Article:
Moderate humidity of 40 to 50 percent is adequate and can be maintained by setting the orchid pot on a tray of gravel partially filled with water. Water should not touch the bottom of the pot. If humidity is low avoid letting moisture sit on the leaves or crown of the plant. When humidity is high, air movement is essential which might require a fan or dehumidifier.

For the varieties that prefer boggy conditions, humidity levels may need be higher. Those varieties will also require a temperature drop of 10 to 15 degrees overnight.


Lady slipper orchids are sensitive to fertilizer; they have fleshy, hairy roots that are easily burned if too much fertilizer is applied. How often and what strength to add depends partly on the growing medium. Osmunda bark contains nutrients, so it requires less frequent and potent fertilizer solutions. If your orchid is potted in fir bark, use a high-nitrogen fertilizer such as 30-10-10. Suggestions include 1/4 to 1/2 strength applied once every two weeks.

The orchid should be flushed with clear water once monthly to a remove harmful salts.

Types of Lady Slipper Orchids

  • Cypripedium acaule (pink lady slipper) produces deep pink flowers 3 inches long from late June into July. This is a fragrant type with a sweet floral scent.
  • Cypripedium calceolus (yellow lady slipper) sends up a buttery yellow flower in early spring and is found mostly in rich woodlands or along bog edges.
  • Cypripedium parviflorum pubescens (greater yellow lady slipper) can grow up to 2 feet tall, with flower petals up to 6 inches across.
  • Cypripedium reginae (showy lady’s slipper) is another large species, 1 to 2 feet tall with pink-streaked, white flowers appearing in late spring/early summer. It grows naturally in wetlands and damp meadows.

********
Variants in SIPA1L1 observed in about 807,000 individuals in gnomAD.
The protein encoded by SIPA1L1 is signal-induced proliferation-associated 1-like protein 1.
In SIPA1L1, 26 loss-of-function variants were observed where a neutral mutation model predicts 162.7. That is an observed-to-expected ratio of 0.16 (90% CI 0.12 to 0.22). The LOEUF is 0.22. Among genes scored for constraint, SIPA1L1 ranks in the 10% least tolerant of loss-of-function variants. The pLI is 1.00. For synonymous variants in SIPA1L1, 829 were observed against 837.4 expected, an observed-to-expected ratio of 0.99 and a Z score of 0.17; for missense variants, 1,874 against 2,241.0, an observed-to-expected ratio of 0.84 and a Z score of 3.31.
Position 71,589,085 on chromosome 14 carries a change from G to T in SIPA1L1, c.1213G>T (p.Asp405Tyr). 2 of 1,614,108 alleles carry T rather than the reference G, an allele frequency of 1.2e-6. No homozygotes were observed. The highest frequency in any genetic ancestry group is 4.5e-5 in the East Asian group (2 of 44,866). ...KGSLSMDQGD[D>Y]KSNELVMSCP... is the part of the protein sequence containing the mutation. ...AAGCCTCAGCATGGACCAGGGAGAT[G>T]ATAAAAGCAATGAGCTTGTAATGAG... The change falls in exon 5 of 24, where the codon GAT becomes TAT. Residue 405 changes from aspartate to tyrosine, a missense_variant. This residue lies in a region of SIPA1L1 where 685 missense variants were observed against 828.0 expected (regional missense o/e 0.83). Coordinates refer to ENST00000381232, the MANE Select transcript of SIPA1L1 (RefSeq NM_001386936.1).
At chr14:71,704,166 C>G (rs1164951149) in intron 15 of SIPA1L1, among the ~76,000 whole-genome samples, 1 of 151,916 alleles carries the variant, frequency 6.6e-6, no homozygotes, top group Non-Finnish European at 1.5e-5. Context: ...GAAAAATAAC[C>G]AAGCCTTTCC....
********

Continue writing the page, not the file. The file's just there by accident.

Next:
• Cypripedium candidum (white lady’s slipper) is a small type from 6 to 12 inches tall. Considered endangered it may be available from reputable nurseries.


Pruning lady slipper orchids is seldom needed. It is a good idea, though, to examine the plant annually after blooming and add fresh potting materials. Remove any diseased leaves or brown roots to avoid root rot spreading.

Propagating Lady Slipper Orchids

Lady slipper orchids reproduce in three ways. Thousands of tiny seeds are dispersed by wind but only germinate in specific types of fungi. They also reproduce and colonize through spread of the rhizome. Germination can take several years, and even division seldom produces a plant mature enough to bloom in the first five years. These are complex methods requiring a greenhouse growing environment best left to orchid specialists.

Some varieties form keikis which is the easiest method to propagate your plant. It's a little more involved them removing a keiki from some other types of orchids, but it can be accomplished with the right patience and care. Gather together a small pot, planting medium, fungicide and a sharp sterile cutting tool, then follow these steps.

  1. When you see the keiki begin to form, mound up potting medium around the baby stem, as if to create a pot within the original orchid pot.
  2. Keep an eye out for the keiki to begin to develop roots.
  3. Once several viable roots are present, use the blade to remove the baby orchid from the mother plant, making sure to include the roots.
  4. Treat the cut end of the stem with fungicide. Do not apply fungicide to the roots.
  5. Place the baby orchid in its own small 2 to 4 inch pot filled with osmunda and/or fir bark and dry shredded leaves.
  6. Gently but thoroughly water letting all excess drain away. Then place the orchid in shade or in a location that receives very little indirect light.